You can place rails in a diagonal pattern to create a diagonal track. They will look like a squiggly line on the ground, but your minecart will act as if the railway is straight.
How to create intersections
Creating intersections can be tricky when designing complex railways, but are usually necessary the longer you play.
To create a simple T-intersection that goes two ways, you'll need a lever. At the intersection, place the lever next to the T. Anytime you right-click the lever, the direction of the bend in the track will change.
How to ride a minecart
Right-click a rail with minecart in hand to place your minecart. Place it on level ground so that you have a chance to climb in! When you're ready to ride, just right-click the minecart.
When you're finished riding, hit spacebar or the corresponding jump key to exit the minecart.
How to use powered rails
If you'd like to create an automated railway system — essential for mining operations when you can't be there to drive a minecart — you have to use powered rails. Keep in mind that powered rails must be powered with a redstone item, like a lever or redstone torch.
A tip for powering sloped rails is to place a redstone torch beneath the block supporting the rail, as is shown in the picture above.
If you'd like a minecart to stop when it reaches the end of a powered track, you'll want to place a dip at each end, as is shown above.
Different types if minecarts act differently on powered rails:
- A plain minecart with you in it will travel at maximum speed for 38 blocks on flat ground after passing over three powered rails in a row. To maintain top speed, place one powered rail every 38 blocks. An empty plain minecart will only travel eight blocks at top speed after passing over three powered rails. If you'd like to save resources, you can space out your powered rails, but your minecarts will lose speed.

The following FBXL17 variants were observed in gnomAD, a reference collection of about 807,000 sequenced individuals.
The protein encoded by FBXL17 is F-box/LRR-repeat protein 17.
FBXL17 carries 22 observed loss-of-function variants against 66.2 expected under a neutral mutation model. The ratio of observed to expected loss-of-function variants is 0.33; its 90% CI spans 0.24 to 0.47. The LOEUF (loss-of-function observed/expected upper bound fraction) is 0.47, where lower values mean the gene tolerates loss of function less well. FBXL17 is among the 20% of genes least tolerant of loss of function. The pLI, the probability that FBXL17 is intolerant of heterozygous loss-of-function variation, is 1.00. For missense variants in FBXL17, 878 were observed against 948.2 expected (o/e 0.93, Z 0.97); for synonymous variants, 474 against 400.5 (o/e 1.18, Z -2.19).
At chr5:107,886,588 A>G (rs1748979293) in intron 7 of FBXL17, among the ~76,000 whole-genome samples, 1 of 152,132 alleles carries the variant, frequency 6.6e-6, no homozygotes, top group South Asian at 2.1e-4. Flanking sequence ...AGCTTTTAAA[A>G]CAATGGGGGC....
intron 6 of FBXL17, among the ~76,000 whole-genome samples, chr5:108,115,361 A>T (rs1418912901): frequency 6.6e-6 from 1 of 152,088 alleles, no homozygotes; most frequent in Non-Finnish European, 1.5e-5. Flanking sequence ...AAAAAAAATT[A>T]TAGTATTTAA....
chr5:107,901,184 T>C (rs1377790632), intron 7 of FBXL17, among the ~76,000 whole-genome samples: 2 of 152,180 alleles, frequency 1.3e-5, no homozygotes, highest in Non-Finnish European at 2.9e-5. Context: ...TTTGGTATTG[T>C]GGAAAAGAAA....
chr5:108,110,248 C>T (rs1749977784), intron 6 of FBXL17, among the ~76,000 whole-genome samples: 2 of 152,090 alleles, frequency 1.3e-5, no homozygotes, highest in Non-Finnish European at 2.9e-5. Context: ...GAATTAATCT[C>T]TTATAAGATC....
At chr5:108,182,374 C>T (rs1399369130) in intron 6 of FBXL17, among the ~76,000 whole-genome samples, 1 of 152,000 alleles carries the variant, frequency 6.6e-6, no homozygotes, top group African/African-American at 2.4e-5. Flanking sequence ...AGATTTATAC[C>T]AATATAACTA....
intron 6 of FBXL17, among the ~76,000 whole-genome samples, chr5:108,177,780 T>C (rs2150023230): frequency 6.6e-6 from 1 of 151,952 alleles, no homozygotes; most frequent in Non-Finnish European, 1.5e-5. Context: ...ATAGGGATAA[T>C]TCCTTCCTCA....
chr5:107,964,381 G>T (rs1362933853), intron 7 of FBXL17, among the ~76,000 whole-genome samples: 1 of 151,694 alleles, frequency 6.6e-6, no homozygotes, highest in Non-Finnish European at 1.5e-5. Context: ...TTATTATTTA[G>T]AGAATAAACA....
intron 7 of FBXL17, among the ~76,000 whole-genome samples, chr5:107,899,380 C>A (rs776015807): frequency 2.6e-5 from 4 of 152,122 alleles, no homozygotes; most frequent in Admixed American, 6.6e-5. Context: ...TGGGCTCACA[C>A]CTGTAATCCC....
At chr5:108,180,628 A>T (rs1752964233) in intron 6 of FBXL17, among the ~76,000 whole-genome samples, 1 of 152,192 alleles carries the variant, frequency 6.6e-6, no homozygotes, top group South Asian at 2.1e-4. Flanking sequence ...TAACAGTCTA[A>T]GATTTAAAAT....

- Any minecart climbing a slope requires three powered rails in a row to reach top speed, and a powered rail every two blocks to maintain maximum speed.
- A minecart with a chest or hopper in it requires three powered rails in a row to reach top speed, and a powered rail every eight blocks to maintain maximum speed.
How to use detector rails
Detector rails are used to momentarily power redstone as the minecart passes over — place them like any other rail. They can be used to open doors, power pistons, or with any other complex redstone contraptions you create. In the image above, the cart is about to power the piston connected to the detector rail with redstone dust.
How to use activator rails
An activator rail powered by redstone will, if you're riding in a minecart, drop you off when you pass over it. It can also ignite a minecart filled with TNT. In the image above, an activator rail is set up at a base of operation to allow easy in and out access.
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Cale Hunt is formerly a Senior Editor at Windows Central. He focuses mainly on laptop reviews, news, and accessory coverage. He's been reviewing laptops and accessories full-time since 2016, with hundreds of reviews published for Windows Central. He is an avid PC gamer and multi-platform user, and spends most of his time either tinkering with or writing about tech.